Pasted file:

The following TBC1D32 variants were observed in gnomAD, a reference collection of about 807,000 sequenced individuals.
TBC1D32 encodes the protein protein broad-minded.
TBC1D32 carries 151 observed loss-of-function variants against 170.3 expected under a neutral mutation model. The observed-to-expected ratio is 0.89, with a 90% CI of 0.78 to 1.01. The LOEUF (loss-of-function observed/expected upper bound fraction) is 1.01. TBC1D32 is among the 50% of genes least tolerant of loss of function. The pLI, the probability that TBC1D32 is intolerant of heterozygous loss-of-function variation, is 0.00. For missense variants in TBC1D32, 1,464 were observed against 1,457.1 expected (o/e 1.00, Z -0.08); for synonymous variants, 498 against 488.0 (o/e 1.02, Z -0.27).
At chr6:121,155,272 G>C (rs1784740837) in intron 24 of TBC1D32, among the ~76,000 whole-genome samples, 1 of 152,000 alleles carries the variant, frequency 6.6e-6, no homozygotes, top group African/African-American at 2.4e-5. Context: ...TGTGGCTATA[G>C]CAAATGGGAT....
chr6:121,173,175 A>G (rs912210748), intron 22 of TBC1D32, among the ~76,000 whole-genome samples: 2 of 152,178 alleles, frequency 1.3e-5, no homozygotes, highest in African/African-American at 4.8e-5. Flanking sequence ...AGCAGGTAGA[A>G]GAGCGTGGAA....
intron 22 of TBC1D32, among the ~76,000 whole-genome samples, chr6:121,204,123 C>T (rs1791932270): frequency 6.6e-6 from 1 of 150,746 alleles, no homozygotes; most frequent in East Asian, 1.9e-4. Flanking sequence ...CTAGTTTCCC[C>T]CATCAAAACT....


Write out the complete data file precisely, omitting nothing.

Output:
The following TBC1D32 variants were observed in gnomAD, a reference collection of about 807,000 sequenced individuals.
TBC1D32 encodes the protein protein broad-minded.
TBC1D32 carries 151 observed loss-of-function variants against 170.3 expected under a neutral mutation model. The observed-to-expected ratio is 0.89, with a 90% CI of 0.78 to 1.01. The LOEUF (loss-of-function observed/expected upper bound fraction) is 1.01. TBC1D32 is among the 50% of genes least tolerant of loss of function. The pLI, the probability that TBC1D32 is intolerant of heterozygous loss-of-function variation, is 0.00. For missense variants in TBC1D32, 1,464 were observed against 1,457.1 expected (o/e 1.00, Z -0.08); for synonymous variants, 498 against 488.0 (o/e 1.02, Z -0.27).
At chr6:121,155,272 G>C (rs1784740837) in intron 24 of TBC1D32, among the ~76,000 whole-genome samples, 1 of 152,000 alleles carries the variant, frequency 6.6e-6, no homozygotes, top group African/African-American at 2.4e-5. Context: ...TGTGGCTATA[G>C]CAAATGGGAT....
chr6:121,173,175 A>G (rs912210748), intron 22 of TBC1D32, among the ~76,000 whole-genome samples: 2 of 152,178 alleles, frequency 1.3e-5, no homozygotes, highest in African/African-American at 4.8e-5. Flanking sequence ...AGCAGGTAGA[A>G]GAGCGTGGAA....
intron 22 of TBC1D32, among the ~76,000 whole-genome samples, chr6:121,204,123 C>T (rs1791932270): frequency 6.6e-6 from 1 of 150,746 alleles, no homozygotes; most frequent in East Asian, 1.9e-4. Flanking sequence ...CTAGTTTCCC[C>T]CATCAAAACT....